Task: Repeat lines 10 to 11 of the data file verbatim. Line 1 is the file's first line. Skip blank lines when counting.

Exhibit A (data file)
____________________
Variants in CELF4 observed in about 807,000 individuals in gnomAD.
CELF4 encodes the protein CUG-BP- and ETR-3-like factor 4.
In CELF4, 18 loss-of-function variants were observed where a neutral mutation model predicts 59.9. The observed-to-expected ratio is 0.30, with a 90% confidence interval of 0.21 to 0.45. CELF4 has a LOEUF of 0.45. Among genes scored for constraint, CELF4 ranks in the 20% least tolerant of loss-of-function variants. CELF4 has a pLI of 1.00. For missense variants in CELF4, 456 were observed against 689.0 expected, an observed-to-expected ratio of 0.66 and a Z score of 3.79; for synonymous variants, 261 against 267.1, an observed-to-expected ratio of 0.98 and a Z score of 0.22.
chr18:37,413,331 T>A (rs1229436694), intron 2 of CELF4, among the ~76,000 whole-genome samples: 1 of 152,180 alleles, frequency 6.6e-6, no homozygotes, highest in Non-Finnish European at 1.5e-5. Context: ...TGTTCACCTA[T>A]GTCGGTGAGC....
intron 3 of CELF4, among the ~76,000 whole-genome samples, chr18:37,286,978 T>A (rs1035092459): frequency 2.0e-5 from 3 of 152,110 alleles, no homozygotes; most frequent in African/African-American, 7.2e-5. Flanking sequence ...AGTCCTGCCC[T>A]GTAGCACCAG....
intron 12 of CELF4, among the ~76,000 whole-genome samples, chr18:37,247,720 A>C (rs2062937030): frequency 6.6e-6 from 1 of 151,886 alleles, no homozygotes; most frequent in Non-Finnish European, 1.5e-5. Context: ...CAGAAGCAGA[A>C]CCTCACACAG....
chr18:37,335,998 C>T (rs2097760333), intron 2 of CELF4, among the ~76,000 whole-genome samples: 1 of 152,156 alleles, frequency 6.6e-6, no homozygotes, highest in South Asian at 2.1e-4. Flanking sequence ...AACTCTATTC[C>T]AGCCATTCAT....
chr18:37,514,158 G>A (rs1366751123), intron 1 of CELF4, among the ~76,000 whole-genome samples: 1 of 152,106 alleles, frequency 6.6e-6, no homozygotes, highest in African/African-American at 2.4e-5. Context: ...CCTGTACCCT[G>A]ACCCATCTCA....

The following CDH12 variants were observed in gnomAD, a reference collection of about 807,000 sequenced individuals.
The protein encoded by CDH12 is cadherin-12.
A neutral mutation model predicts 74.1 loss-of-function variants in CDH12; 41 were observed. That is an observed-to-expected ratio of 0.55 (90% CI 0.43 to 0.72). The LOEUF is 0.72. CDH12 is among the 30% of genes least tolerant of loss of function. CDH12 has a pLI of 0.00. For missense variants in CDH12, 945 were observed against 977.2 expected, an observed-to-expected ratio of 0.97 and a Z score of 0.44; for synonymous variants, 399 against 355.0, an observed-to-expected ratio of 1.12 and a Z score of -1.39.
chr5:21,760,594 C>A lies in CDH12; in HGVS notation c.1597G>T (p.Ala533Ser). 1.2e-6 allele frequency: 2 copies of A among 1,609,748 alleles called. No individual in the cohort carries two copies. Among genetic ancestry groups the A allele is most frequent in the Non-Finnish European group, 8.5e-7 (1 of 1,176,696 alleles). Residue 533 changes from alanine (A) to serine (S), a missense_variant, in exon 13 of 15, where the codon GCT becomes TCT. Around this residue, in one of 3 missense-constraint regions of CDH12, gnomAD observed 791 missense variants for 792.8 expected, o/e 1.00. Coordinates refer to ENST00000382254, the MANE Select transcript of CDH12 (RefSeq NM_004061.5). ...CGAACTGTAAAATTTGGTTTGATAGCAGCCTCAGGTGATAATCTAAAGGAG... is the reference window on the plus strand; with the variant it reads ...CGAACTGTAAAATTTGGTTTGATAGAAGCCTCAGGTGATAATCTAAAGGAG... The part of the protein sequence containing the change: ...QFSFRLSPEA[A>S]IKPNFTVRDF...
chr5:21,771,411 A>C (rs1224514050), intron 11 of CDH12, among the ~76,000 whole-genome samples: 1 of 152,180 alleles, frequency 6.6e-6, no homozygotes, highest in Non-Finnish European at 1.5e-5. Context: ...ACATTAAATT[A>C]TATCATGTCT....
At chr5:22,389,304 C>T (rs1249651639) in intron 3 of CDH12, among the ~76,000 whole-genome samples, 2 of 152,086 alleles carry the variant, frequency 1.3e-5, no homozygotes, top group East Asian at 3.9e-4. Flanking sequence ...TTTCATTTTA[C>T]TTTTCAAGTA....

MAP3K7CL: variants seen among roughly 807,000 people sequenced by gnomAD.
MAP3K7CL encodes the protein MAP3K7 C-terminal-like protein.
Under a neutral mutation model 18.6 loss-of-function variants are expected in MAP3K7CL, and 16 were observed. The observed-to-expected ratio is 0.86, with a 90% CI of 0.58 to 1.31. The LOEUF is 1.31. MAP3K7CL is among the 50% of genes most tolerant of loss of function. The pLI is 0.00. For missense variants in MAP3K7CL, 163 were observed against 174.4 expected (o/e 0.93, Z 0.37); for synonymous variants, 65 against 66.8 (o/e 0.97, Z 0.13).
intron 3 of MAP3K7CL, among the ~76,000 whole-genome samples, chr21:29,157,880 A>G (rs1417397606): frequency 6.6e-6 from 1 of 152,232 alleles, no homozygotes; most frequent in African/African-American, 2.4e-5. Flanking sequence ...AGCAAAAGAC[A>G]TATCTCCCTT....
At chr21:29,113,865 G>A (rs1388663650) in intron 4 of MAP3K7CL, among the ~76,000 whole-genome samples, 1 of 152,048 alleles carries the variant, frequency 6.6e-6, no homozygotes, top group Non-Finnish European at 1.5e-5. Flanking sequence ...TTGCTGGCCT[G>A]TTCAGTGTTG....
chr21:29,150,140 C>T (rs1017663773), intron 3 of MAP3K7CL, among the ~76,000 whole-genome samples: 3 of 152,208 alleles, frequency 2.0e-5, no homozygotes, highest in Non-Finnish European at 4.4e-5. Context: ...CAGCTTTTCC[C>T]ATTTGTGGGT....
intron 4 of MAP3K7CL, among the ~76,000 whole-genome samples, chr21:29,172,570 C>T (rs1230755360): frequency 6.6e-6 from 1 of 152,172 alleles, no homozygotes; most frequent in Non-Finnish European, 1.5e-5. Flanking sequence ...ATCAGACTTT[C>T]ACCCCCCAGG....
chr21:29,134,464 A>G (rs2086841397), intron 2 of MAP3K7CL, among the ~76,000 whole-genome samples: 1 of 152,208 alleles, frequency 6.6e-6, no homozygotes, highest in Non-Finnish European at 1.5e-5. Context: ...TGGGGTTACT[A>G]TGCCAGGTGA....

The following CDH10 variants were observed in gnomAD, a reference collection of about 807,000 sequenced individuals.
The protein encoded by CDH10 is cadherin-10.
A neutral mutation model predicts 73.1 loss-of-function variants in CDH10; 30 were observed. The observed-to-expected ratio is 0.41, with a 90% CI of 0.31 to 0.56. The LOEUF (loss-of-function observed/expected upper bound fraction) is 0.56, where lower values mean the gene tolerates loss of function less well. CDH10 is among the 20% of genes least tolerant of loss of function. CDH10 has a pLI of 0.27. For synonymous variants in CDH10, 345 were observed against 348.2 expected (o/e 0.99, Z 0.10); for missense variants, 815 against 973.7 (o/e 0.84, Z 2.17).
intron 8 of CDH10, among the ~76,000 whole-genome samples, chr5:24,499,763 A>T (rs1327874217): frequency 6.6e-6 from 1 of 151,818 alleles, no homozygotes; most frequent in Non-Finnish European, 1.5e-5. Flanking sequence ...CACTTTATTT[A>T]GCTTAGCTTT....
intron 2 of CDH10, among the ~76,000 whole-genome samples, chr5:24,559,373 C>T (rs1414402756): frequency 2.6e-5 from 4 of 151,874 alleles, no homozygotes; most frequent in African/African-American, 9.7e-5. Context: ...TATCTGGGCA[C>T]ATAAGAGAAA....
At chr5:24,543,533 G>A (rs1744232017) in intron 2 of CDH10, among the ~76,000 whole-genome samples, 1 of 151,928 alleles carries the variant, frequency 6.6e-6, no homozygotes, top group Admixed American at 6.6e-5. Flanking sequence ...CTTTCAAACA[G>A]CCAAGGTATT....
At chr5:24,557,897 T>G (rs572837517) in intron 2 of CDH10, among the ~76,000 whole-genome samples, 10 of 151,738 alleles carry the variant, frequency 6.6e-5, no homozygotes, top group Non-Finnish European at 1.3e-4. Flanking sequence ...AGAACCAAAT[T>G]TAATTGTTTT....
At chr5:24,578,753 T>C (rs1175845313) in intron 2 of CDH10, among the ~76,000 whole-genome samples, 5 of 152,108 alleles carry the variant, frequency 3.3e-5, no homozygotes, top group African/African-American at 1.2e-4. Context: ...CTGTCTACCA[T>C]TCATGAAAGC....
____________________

The protein encoded by CDH12 is cadherin-12.
A neutral mutation model predicts 74.1 loss-of-function variants in CDH12; 41 were observed. That is an observed-to-expected ratio of 0.55 (90% CI 0.43 to 0.72). The LOEUF is 0.72. CDH12 is among the 30% of genes least tolerant of loss of function. CDH12 has a pLI of 0.00. For missense variants in CDH12, 945 were observed against 977.2 expected, an observed-to-expected ratio of 0.97 and a Z score of 0.44; for synonymous variants, 399 against 355.0, an observed-to-expected ratio of 1.12 and a Z score of -1.39.